Unlocking Australia's renewable energy future: The power of long duration energy storage

Post Date
18 August 2023
Ashley Gibson
Read Time
3 minutes
  • Climate resilience planning & design
  • ESG advisory
  • Planning

The modelling behind the 2023 SWIS Demand Assessment“ shows large-scale solar paired with long duration energy storage (LDES) as the most cost-efficient form of firmed renewable generation”. We’re already starting to see the value of energy storage play out with a steep upwards trend in utility-scale lithium-ion battery energy storage systems (BESS) being connected to Australian electricity systems and remote communities and mining operations. However, the sweet spot for these lithium-ion BESS project is on the shorter duration end of the storage spectrum. We need to see some more longer duration energy storage (LDES) projects be deployed as well, to help maintain a balanced and resilient electricity system.

The SWIS Demand Assessment (Future Ready scenario) predicts a need for approx. 6GW / 600GWh of LDES resources by 2042. So, you may ask, what will the technology mix look like for this. The figure below (2021 U.S. DOE research) shows one of the more recent cost comparisons between LDES technologies for different storage durations, noting compressed air energy storage (CAES), hydrogen and thermal, as some of the suitable solutions for 10+ hours storage duration. Australian technology companies like MGA Thermal with their thermal storage solution and Australia’s first Advanced Compressed Air Energy Storage (A-CAES) project are showing good promise. @SLR Consulting and our clients are also studying the domestic hydrogen market closely for its energy storage potential. It’s all about capturing excess renewable energy generation in storage and making it available at times of the day that meet our needs.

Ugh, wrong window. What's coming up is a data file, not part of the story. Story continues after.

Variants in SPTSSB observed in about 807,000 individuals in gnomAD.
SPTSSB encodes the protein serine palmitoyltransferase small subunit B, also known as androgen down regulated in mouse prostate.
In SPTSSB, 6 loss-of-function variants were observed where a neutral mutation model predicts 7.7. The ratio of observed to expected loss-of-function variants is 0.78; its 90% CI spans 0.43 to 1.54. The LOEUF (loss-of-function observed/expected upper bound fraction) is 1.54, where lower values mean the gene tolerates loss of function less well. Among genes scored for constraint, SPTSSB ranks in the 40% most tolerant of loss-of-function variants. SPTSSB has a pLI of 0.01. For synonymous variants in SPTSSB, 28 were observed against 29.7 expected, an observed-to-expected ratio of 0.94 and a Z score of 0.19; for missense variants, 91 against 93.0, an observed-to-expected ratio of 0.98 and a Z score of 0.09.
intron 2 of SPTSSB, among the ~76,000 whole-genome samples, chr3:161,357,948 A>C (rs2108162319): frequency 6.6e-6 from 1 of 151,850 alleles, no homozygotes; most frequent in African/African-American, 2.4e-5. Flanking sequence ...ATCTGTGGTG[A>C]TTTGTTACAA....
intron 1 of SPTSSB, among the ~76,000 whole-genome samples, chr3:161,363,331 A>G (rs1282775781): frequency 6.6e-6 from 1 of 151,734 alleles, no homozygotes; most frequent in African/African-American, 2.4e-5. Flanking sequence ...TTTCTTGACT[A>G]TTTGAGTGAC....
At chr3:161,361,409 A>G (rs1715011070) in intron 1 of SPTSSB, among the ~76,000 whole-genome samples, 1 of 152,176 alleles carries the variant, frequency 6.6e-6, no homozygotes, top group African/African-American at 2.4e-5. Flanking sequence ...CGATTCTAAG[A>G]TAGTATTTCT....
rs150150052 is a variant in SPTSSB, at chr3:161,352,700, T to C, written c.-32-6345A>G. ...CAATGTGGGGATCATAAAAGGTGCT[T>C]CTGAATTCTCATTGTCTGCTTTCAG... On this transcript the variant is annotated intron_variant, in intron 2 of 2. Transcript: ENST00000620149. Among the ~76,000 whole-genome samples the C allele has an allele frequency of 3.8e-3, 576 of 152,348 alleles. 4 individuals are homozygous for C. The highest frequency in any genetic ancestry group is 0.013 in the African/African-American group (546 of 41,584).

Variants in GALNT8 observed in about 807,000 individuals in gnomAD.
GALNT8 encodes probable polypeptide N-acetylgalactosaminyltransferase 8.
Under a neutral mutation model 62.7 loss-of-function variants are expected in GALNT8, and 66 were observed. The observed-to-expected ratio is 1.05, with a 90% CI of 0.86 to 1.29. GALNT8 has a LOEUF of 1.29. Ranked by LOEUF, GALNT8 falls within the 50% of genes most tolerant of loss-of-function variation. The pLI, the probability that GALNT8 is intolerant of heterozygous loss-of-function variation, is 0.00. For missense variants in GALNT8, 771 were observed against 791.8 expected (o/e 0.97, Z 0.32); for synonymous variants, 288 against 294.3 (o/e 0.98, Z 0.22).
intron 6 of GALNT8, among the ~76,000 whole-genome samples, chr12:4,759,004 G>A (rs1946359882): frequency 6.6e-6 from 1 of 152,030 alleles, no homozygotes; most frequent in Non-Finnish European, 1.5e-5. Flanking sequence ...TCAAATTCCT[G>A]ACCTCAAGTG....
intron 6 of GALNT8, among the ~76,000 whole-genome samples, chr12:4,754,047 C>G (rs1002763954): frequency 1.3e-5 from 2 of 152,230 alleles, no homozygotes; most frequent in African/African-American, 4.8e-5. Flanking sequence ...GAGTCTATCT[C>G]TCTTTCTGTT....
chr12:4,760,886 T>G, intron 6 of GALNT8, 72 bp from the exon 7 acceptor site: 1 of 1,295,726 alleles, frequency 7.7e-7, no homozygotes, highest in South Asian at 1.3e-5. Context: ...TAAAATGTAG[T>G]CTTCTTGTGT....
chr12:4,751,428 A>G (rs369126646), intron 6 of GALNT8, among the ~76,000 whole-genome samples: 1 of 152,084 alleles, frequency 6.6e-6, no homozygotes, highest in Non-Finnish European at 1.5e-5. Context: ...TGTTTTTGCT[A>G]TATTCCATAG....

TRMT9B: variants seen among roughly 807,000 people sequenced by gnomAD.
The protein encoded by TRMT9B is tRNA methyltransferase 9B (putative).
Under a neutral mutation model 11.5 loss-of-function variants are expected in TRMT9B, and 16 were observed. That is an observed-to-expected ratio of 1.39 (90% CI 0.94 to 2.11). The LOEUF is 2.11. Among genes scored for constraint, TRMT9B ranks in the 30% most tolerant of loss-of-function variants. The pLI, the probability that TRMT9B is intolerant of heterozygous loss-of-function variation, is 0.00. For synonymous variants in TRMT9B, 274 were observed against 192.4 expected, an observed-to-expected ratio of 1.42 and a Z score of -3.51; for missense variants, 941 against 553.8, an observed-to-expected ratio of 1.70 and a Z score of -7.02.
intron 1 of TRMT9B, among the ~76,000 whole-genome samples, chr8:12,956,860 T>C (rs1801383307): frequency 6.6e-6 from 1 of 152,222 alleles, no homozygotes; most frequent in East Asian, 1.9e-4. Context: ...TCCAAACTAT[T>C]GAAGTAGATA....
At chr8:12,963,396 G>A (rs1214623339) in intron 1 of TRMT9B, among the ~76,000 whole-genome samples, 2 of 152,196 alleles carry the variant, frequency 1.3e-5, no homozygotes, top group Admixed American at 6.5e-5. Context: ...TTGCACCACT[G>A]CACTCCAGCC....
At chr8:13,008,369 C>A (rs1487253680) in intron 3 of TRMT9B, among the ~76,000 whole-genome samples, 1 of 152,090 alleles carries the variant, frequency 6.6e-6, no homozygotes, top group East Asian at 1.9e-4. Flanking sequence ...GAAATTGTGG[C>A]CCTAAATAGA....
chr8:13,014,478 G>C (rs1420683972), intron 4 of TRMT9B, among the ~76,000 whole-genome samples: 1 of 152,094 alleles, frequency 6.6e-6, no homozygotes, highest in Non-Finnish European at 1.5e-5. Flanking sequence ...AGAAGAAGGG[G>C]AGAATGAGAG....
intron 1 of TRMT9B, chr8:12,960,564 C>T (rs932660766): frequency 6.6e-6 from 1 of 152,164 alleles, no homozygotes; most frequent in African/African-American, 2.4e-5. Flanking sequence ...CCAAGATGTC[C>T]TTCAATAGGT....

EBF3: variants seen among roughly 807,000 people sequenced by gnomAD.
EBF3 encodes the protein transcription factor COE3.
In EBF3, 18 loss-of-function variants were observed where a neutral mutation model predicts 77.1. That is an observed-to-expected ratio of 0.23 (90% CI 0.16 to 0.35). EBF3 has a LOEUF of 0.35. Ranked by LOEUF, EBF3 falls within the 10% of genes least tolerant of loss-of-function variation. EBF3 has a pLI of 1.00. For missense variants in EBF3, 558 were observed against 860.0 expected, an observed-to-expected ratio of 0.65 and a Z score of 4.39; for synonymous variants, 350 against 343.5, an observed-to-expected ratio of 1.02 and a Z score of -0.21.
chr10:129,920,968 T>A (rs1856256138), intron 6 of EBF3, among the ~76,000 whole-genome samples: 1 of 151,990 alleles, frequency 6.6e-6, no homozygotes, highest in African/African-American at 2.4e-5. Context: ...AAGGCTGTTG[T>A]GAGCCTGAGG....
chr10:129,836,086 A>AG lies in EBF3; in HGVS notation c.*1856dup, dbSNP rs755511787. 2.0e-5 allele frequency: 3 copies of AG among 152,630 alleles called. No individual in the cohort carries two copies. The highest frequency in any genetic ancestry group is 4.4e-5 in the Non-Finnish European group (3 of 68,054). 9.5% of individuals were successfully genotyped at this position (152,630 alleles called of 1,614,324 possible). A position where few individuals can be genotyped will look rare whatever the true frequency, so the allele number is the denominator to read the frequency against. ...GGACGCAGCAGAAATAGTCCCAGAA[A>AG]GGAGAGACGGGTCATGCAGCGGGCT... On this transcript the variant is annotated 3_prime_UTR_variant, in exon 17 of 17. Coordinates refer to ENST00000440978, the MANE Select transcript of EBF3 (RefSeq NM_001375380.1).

2021 Total Installed Cost Comparison Graph

Figure reference: DOE

Discussions at the upcoming Energy Week Western Australia Conference will undoubtedly cover energy storage opportunities. In relation to building out the energy storage capacity of our electricity systems, there are three key opportunities of focus for the WA economy, its regulatory bodies and our clients:

  • Reset our traditional unprocessed minerals offshoring model and develop more critical minerals processing capability in WA, supporting the battery supply chain, which results in more economic benefits for all Western Australians.
  • Connect more longer duration energy storage to the SWIS (and NWIS) to improve renewable energy penetration and system resiliency. This ties in with the first opportunity when considering redox flow batteries that require electrolytic minerals like vanadium and phosphate.
  • Lead the way globally on Sustainability and Responsible Sourcing of battery raw materials that set the bar for industry best practice on measures of human rights, environmental risks, carbon footprint and recycled content. These issues are now becoming regulated requirements for the international buyers of these materials (e.g., in Europe).Assurances on traceability, such as that provided by the RCS Global Battery Passport, will be essential to securing buyer trust.

The stage is set for Western Australia to spearhead an energy revolution driven by the synergy of solar and wind power with long duration energy storage. As the economic, environmental, and societal stakes continue to rise, the WA's strategic focus on critical minerals processing, energy storage integration, and sustainability leadership will position the State at the forefront of a cleaner, more resilient energy landscape.

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